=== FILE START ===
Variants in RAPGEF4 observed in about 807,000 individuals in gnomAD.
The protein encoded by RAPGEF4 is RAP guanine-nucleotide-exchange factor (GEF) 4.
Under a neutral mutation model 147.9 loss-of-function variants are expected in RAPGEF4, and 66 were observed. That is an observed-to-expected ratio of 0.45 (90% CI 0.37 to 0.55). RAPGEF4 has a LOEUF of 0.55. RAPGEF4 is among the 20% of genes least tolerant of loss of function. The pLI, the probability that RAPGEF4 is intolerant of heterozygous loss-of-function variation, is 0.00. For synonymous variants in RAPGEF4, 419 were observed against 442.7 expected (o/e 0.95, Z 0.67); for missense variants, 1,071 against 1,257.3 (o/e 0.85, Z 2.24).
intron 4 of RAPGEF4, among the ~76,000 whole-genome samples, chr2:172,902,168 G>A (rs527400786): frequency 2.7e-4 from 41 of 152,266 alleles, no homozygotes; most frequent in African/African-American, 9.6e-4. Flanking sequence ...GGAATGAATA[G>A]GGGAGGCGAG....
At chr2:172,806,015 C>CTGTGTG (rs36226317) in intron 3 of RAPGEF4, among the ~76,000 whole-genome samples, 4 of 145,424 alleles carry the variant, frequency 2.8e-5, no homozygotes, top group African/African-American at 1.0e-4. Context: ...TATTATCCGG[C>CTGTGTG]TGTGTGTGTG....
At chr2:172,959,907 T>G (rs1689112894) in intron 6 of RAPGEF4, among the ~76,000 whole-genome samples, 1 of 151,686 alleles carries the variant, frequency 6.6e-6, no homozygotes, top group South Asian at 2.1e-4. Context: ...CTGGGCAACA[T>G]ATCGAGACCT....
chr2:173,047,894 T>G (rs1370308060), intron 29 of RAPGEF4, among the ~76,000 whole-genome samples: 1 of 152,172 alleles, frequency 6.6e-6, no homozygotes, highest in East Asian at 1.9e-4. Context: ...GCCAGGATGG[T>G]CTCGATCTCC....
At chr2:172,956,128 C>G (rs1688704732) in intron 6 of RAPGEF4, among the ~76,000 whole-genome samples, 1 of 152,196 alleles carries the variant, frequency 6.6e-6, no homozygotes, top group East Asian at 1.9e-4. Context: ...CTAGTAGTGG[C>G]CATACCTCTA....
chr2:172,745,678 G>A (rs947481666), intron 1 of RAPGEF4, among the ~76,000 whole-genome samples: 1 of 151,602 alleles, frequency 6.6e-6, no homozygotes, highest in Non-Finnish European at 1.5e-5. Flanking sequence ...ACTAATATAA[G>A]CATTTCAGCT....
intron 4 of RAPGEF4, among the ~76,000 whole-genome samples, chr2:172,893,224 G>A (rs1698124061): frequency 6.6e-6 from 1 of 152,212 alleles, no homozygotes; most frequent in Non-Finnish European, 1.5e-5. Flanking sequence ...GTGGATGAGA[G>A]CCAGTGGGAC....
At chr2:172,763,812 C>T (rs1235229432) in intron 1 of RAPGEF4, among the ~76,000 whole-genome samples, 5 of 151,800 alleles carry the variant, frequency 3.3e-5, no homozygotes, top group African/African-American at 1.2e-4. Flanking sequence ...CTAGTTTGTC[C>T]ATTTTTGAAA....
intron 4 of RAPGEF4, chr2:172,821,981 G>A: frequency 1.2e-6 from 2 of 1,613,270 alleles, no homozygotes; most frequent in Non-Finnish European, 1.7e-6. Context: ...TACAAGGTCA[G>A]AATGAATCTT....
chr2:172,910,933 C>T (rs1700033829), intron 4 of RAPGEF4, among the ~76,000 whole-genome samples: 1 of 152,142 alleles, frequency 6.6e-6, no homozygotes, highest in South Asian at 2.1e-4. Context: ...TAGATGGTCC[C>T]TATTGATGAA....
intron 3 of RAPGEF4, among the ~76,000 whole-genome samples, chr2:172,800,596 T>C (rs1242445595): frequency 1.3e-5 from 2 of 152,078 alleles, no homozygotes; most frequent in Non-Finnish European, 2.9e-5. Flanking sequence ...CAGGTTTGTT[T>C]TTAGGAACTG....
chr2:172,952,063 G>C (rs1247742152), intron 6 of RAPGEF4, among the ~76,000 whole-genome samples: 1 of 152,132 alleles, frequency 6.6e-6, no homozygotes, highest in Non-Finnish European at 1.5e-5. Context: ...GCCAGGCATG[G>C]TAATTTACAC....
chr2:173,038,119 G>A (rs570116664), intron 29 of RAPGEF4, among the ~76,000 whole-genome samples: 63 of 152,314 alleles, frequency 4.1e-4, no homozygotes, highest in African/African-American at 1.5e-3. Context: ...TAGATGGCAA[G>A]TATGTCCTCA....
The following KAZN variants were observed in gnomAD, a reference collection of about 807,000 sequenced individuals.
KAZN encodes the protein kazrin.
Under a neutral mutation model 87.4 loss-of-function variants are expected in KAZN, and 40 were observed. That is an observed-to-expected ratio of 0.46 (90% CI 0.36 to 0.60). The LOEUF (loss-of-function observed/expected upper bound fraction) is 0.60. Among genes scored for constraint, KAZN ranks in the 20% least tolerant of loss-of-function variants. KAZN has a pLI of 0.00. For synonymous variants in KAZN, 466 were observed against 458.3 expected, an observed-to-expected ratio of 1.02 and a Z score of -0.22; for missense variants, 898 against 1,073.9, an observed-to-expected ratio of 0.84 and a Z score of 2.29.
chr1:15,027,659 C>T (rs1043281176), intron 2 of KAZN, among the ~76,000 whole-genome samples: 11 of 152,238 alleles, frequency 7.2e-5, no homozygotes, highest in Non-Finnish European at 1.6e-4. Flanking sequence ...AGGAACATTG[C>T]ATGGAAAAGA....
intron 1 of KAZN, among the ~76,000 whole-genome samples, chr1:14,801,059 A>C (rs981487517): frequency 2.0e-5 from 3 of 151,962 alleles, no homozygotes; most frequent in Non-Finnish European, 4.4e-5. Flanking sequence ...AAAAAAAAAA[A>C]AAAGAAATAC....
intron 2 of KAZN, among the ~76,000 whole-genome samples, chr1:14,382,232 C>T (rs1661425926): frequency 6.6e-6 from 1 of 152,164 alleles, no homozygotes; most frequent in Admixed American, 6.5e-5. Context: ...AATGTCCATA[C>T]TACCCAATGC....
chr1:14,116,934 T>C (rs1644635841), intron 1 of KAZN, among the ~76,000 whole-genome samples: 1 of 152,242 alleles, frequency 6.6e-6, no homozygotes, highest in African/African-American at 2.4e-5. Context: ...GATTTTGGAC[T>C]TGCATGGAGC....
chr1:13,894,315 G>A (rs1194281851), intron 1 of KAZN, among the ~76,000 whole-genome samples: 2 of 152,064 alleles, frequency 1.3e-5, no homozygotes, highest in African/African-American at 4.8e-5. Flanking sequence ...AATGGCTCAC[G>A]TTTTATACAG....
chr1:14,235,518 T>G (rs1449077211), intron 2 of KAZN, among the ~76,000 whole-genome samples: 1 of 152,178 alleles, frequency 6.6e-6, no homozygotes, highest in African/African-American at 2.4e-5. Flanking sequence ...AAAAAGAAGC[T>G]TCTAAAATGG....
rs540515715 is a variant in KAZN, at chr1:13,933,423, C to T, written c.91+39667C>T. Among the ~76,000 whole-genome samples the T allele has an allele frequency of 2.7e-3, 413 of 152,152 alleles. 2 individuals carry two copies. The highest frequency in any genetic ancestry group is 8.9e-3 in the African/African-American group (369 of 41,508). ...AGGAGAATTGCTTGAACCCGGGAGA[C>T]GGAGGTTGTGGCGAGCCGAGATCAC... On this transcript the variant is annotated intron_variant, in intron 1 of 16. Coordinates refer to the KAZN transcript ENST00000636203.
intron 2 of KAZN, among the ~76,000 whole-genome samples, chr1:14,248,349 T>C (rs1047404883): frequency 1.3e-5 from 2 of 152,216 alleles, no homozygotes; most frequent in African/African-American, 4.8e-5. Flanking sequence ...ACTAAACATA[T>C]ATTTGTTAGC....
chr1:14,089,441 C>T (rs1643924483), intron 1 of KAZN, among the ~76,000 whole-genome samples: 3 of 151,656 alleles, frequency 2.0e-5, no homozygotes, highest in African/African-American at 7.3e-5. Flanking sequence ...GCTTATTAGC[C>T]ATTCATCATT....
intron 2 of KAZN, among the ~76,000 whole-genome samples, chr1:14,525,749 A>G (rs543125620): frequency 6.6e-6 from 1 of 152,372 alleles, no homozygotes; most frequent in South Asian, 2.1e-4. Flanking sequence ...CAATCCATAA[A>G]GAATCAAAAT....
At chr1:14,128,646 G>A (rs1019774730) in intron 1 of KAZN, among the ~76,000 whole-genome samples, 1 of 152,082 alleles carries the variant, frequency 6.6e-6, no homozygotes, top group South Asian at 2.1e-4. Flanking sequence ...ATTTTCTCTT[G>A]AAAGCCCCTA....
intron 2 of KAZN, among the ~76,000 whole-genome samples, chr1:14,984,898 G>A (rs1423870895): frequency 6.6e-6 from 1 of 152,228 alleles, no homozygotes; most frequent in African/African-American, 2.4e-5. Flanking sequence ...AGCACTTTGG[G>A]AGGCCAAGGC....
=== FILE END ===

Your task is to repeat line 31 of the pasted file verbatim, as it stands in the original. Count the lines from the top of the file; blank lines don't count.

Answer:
intron 2 of KAZN, among the ~76,000 whole-genome samples, chr1:14,984,898 G>A (rs1423870895): frequency 6.6e-6 from 1 of 152,228 alleles, no homozygotes; most frequent in African/African-American, 2.4e-5. Flanking sequence ...AGCACTTTGG[G>A]AGGCCAAGGC....